Knowing these couplings one can give a laser spectroscopist valuable information for mode pumping in connection with mode selective rate enhancement.

We decompose the scalar curvature into contributions from localized (adiabatic) vibrational modes associated with the internal coordinates used to describe the reaction complex. In this way we find that the HH stretching motion is associated with K2, the CH stretching motion with K3, however the CH mode contributes also to K2 and the HH mode to K3 as can be seen by the negative R2 and R1 components in Figure 1. They are negative because the corresponding internal coordinate motion resists a curving of the path and the electronic structure changes associated with it. The decomposition of the curvature into adiabatic modes reveals that HH bond rupture and CH bond formation start at the same time and terminate at the same time. These chemical processes are indicated in such a diagram by large curvature peaks, which in turn define the TS region (region of bond cleavage and bond formation). One can define the center of the TS region (Figure 1) and see that with regard to this center the energy TS is moved into the entrance channel (early TS), which is in line with the Hammond postulate since the reaction is exothermic. – There is a smaller curvature peak K1 located in the entrance channel, which indicates the point where the planar methyl radical starts to become pyramidal due to the van der Waals (vdW) interactions with the H2 molecule. Hence, we can detect the region of vdW interactions, even when these do not lead to a vdW complex. K1 defines the point where the reaction starts. After the vdW region, there is a preparation region where the reactants prepare for the reaction taking place in the TS region. The product preparation region follows the TS region but in this diagram it is just a shoulder and there is no vdW peak in the curvature diagram. This can easily be understood considering that a H atom has only a small polarizing power. Therefore, it has to get close to CH4 to polarize the CH bond, which is rapidly done so that CH bond breakage follows immediately.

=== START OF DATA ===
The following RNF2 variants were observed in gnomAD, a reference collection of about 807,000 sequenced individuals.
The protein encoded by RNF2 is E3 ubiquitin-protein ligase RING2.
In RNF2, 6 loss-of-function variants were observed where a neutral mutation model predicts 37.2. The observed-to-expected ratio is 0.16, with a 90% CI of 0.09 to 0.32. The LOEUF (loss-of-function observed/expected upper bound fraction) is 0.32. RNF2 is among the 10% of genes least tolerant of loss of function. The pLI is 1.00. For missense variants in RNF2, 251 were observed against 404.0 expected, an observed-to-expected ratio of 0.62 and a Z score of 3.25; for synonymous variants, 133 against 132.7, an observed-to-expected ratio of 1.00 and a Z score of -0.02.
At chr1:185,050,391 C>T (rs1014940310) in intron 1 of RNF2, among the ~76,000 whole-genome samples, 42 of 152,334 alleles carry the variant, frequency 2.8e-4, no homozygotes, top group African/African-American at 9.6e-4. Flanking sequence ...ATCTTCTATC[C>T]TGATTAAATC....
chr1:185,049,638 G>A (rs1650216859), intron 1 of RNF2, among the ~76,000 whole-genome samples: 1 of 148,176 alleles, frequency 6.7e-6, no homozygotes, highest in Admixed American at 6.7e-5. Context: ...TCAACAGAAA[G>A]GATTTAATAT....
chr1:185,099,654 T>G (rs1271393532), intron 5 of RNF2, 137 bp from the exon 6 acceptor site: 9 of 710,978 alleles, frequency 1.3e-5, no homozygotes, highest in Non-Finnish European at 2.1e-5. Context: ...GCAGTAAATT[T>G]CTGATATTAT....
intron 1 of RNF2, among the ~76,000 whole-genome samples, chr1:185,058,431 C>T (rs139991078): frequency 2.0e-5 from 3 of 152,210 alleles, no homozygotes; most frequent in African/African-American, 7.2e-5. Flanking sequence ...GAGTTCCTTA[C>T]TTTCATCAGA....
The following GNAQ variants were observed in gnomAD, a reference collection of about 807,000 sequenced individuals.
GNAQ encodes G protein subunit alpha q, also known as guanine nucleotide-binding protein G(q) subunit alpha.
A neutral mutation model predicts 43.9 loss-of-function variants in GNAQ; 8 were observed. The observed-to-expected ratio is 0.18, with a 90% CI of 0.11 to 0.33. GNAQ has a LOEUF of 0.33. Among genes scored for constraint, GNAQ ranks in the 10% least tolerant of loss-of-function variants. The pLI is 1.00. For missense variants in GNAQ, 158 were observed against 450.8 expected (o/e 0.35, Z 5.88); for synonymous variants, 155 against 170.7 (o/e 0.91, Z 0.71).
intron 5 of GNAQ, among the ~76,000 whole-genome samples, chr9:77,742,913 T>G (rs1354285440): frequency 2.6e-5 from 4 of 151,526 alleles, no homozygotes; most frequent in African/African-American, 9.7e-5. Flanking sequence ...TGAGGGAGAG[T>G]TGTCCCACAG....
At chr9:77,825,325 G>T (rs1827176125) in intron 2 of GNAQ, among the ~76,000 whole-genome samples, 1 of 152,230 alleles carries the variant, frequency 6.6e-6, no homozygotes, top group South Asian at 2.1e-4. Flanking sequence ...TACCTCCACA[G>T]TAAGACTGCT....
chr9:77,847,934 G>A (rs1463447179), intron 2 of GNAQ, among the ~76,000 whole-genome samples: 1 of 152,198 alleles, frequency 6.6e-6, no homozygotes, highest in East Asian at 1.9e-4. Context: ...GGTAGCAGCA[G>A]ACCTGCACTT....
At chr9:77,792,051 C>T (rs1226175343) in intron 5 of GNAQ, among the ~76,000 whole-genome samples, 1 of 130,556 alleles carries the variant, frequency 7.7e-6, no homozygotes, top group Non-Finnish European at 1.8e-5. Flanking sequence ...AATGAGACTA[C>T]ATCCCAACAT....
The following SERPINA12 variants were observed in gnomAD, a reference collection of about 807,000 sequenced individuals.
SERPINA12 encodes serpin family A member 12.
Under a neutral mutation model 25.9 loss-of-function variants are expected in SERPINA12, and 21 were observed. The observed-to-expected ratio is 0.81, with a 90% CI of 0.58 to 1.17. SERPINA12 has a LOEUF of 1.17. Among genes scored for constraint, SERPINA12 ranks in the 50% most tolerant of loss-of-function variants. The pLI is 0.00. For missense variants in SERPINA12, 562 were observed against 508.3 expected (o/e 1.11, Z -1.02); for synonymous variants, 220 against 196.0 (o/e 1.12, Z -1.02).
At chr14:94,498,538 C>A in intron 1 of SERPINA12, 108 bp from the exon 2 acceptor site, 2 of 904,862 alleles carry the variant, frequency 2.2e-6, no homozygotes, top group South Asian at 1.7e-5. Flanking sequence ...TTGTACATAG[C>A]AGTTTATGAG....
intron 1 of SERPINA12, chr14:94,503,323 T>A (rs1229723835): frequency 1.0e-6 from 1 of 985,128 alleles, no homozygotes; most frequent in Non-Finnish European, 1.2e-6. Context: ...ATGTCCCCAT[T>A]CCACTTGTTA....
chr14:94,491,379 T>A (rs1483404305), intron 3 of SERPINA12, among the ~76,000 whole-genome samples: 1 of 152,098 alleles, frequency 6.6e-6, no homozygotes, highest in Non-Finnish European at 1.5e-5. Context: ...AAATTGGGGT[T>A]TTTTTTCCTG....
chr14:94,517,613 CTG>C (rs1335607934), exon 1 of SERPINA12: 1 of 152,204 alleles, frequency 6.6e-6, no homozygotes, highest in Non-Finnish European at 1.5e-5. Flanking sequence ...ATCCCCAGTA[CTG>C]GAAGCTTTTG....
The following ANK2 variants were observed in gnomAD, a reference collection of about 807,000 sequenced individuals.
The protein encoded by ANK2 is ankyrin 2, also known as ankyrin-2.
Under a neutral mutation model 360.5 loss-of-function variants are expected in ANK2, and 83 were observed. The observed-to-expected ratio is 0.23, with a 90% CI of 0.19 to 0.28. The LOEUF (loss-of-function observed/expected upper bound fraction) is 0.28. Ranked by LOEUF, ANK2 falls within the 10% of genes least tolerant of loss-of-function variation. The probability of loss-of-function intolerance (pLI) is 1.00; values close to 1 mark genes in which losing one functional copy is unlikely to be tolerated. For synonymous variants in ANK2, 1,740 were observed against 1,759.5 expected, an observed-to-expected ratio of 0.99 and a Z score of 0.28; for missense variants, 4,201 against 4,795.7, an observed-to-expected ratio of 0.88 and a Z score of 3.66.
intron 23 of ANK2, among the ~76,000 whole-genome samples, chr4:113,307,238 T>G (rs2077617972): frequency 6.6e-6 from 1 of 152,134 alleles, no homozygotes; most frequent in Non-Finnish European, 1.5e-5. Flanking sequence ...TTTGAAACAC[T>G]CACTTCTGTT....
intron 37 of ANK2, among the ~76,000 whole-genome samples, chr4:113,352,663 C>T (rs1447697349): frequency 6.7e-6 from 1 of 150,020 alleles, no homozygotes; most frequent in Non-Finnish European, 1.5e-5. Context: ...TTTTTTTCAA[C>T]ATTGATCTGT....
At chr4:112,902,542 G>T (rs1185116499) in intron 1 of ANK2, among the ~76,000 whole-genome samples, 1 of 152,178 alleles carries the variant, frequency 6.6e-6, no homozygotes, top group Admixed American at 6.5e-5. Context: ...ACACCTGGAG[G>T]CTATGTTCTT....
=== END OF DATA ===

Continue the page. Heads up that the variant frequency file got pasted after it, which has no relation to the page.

RXN Mechanism Dynamics

Figure 3. A decomposition into adiabatic (localized) modes is shown for mode 11, which is first the HH stretching mode. At the first avoided crossing, AC1 (Figure 2), it becomes a CH stretching mode of a spectator bond, and at the second avoided crossing, AC3 (Figure 2), it changes to the stretching mode of the newly formed CH bond.

One gets a very detailed description of the mechanism, which is supported by the analysis of other properties of the reaction complex along the reaction path. One learns that mechanistically the energy TS is not so important because the chemical processes start before and end considerably after the TS. Mode 11 in Figure 2 has the strongest dependence on the reaction path and therefore one wants to know which internal coordinate modes are affected by mode 11.